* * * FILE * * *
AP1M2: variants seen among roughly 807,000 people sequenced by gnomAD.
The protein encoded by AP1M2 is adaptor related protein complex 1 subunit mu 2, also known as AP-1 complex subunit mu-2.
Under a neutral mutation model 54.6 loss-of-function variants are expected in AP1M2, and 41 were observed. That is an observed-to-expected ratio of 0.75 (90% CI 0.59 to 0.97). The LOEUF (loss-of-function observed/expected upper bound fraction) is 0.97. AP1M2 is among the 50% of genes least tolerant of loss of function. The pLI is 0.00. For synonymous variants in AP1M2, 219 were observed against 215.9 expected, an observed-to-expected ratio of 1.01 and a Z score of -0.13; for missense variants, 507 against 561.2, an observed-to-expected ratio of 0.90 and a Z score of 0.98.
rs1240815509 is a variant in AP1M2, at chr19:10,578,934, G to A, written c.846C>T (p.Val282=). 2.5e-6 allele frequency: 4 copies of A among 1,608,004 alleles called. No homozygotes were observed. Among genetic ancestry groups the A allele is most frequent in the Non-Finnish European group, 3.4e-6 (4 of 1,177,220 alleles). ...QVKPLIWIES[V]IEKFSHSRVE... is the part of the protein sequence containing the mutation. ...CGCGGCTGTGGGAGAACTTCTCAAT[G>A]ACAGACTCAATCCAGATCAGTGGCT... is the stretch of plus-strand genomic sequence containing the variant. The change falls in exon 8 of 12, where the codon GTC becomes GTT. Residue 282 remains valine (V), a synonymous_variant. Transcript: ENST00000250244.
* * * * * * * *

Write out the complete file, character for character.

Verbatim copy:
AP1M2: variants seen among roughly 807,000 people sequenced by gnomAD.
The protein encoded by AP1M2 is adaptor related protein complex 1 subunit mu 2, also known as AP-1 complex subunit mu-2.
Under a neutral mutation model 54.6 loss-of-function variants are expected in AP1M2, and 41 were observed. That is an observed-to-expected ratio of 0.75 (90% CI 0.59 to 0.97). The LOEUF (loss-of-function observed/expected upper bound fraction) is 0.97. AP1M2 is among the 50% of genes least tolerant of loss of function. The pLI is 0.00. For synonymous variants in AP1M2, 219 were observed against 215.9 expected, an observed-to-expected ratio of 1.01 and a Z score of -0.13; for missense variants, 507 against 561.2, an observed-to-expected ratio of 0.90 and a Z score of 0.98.
rs1240815509 is a variant in AP1M2, at chr19:10,578,934, G to A, written c.846C>T (p.Val282=). 2.5e-6 allele frequency: 4 copies of A among 1,608,004 alleles called. No homozygotes were observed. Among genetic ancestry groups the A allele is most frequent in the Non-Finnish European group, 3.4e-6 (4 of 1,177,220 alleles). ...QVKPLIWIES[V]IEKFSHSRVE... is the part of the protein sequence containing the mutation. ...CGCGGCTGTGGGAGAACTTCTCAAT[G>A]ACAGACTCAATCCAGATCAGTGGCT... is the stretch of plus-strand genomic sequence containing the variant. The change falls in exon 8 of 12, where the codon GTC becomes GTT. Residue 282 remains valine (V), a synonymous_variant. Transcript: ENST00000250244.